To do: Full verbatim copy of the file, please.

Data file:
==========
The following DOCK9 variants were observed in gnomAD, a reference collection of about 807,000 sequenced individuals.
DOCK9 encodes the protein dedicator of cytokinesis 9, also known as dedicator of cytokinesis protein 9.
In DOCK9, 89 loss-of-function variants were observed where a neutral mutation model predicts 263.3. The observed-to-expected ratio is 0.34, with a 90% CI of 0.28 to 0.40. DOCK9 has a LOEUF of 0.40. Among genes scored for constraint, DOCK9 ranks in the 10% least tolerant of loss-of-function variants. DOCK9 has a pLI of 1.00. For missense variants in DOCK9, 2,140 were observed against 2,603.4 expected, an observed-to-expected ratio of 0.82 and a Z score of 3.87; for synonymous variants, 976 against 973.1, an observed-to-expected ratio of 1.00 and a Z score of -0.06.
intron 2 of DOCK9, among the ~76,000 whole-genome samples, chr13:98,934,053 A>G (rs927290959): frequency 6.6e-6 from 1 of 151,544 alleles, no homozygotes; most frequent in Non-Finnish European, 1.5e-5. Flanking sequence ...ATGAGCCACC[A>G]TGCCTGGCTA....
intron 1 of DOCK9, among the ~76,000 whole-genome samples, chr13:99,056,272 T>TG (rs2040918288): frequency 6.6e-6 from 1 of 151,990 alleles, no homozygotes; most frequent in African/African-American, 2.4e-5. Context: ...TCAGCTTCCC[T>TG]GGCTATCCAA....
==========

The following DOCK9 variants were observed in gnomAD, a reference collection of about 807,000 sequenced individuals.
DOCK9 encodes the protein dedicator of cytokinesis 9, also known as dedicator of cytokinesis protein 9.
In DOCK9, 89 loss-of-function variants were observed where a neutral mutation model predicts 263.3. The observed-to-expected ratio is 0.34, with a 90% CI of 0.28 to 0.40. DOCK9 has a LOEUF of 0.40. Among genes scored for constraint, DOCK9 ranks in the 10% least tolerant of loss-of-function variants. DOCK9 has a pLI of 1.00. For missense variants in DOCK9, 2,140 were observed against 2,603.4 expected, an observed-to-expected ratio of 0.82 and a Z score of 3.87; for synonymous variants, 976 against 973.1, an observed-to-expected ratio of 1.00 and a Z score of -0.06.
intron 2 of DOCK9, among the ~76,000 whole-genome samples, chr13:98,934,053 A>G (rs927290959): frequency 6.6e-6 from 1 of 151,544 alleles, no homozygotes; most frequent in Non-Finnish European, 1.5e-5. Flanking sequence ...ATGAGCCACC[A>G]TGCCTGGCTA....
intron 1 of DOCK9, among the ~76,000 whole-genome samples, chr13:99,056,272 T>TG (rs2040918288): frequency 6.6e-6 from 1 of 151,990 alleles, no homozygotes; most frequent in African/African-American, 2.4e-5. Context: ...TCAGCTTCCC[T>TG]GGCTATCCAA....